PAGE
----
Trump’s fight is not really with China, but rather the post-Bretton Woods world system itself. However, as I have written for E-IR before, post-Bretton Woods world system continues to serve a number of United States interests, including those of its corporations. United States’ allies also remain invested in the system and are reluctant to see it erode. It will be difficult for the United States to abandon it as it exists (although many would have said the same of the Bretton Woods system right up to the eve of August 15th 1971, I’m sure). I believe that the emerging contradictions in the system will force the United States to more sharply prioritise between its various objectives and goals.

However, the reality is that the United States’ trade deficit is a key component of the post-Bretton Woods world system as it internationalises the dollar and maintains dollar hegemony. It’s difficult to imagine Trump seriously threatening this. I could conceive of negotiations between the United States and its trading partners resulting in tokenistic concession to allow Trump to claim victory, whilst leaving the order largely intact. Alternatively, and more substantively, the United States could continue to find itself stuck between embracing and rejecting the post-Bretton Woods world system and unable to develop a coherent strategy. This will allow China and perhaps other states to begin to establish their own institutional orders to rival the United States.

The EU recently voted for a controversial Copyright directive which intends to update online copyright laws. How could this directive influence content creators, businesses and users?

The lesson of the past 20 plus years is that this won’t have the effect that its proponents believe. In Australia we have one of the most stringent website blocking regimes in the world, and rights owners are now demanding it be deepened and expanded because it’s not working. I see no reason why an uploading filter will be more effective. I also understand the desire to help online media become more profitable, but we need to seriously consider the best way to do this. Perhaps copyright is simply not fit for purpose.

In my research I came across a meeting held around President Clinton’s copyright review in 1994, considering what was to be done about the internet. A participant from the Electronic Frontier Foundation argued, prophetically I believe, that the internet may prove too great a threat to copyright for it to survive. That is, a new legal regime may need to be considered. At the end of the day what do we want? We want people creating knowledge and cultural products, we want those people to be able to receive compensation for doing so and we want as many people to have access to knowledge and cultural products as possible, while still achieving the two aforementioned goals. Copyright is one way we have sought to do all of this – perhaps there are others.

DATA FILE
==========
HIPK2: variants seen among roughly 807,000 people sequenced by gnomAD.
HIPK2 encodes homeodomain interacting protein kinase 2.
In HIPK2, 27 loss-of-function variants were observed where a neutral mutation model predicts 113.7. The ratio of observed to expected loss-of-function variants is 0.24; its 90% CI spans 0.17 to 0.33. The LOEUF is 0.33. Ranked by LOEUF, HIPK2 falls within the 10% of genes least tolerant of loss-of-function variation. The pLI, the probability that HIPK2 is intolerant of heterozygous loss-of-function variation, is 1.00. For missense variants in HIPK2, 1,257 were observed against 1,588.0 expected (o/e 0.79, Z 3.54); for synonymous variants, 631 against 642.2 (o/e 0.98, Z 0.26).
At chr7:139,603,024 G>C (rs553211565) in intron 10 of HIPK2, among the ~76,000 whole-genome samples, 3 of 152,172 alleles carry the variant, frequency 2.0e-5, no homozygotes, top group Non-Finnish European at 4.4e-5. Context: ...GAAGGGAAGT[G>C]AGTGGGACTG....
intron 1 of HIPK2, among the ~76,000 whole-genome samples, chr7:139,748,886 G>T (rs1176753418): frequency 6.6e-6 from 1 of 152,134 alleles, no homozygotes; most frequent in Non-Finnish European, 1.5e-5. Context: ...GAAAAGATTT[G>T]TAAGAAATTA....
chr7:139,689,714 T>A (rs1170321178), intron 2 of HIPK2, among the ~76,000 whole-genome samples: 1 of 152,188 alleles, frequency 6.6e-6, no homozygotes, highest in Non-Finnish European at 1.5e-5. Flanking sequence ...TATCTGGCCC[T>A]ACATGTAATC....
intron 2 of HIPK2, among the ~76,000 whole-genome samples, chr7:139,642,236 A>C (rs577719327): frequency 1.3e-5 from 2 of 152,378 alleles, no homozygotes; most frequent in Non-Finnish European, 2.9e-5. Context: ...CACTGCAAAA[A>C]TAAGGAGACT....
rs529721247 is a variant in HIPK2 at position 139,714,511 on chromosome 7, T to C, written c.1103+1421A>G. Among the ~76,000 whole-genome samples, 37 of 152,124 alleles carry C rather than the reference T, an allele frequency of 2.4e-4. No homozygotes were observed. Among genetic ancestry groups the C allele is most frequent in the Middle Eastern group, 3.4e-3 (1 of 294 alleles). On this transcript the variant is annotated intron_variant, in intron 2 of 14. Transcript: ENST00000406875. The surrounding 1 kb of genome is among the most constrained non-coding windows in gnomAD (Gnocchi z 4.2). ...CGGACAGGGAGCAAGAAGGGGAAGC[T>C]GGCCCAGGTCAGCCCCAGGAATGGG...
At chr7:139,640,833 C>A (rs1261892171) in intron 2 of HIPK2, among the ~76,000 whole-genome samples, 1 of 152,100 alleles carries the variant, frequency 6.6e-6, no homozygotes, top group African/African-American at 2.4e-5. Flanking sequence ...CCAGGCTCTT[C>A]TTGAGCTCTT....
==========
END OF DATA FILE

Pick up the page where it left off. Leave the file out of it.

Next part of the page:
The impact that this may have on EU-US relations is interesting too. The rights holders are right about one thing – Silicon Valley hates this. Internet industry lobbyists have raised concerns with the United States Trade Representatives about the ‘protectionist’ European copyright laws over the past decade. Since the Anti-Counterfeiting Trade Agreement, which the internet industry fiercely opposed, the United States has sought to balance the demands of its emerging internet sector and its more established and very political powerful copyright-owning sector. More recently, it has been able to do so: both sectors supported the Trans-Pacific Partnership, for example.

What are you currently working on?           

I have recently submitted my PhD thesis, but once it is examined I’ll be working to turn it into a book. More broadly I’m looking at state-business relations in setting international economic standards, specifically with regard to copyright and intellectual property which is my focus. Having examined the United States in detail, I’d like to look at other countries, especially developing states. I also have a manuscript in progress on historical institutionalism and technological change.

What advice would you give to young scholars?

All I can say it what I have tried to do. The first is to know what it is that you have to say, but to give yourself time to figure it out. Second, take advantage of your time as a PhD candidate. Be a part of your cohort and your department. Take an interest in what everyone else is researching, even if it has nothing to do with your own research. Third, quarantine your research from the rest of your life. It will take over everything if you let it. I had very strict working hours when writing my thesis. Time outside of these hours were for other things. Fourth, don’t get in your head too much. The job market is competitive, and people can get really demoralised. Just focus on your research, trust you have something new or interesting to say and seek out publications where you can. Last, join your union!

Further Reading on E-International Relations

Editorial Credit(s)

Marianna Karakoulaki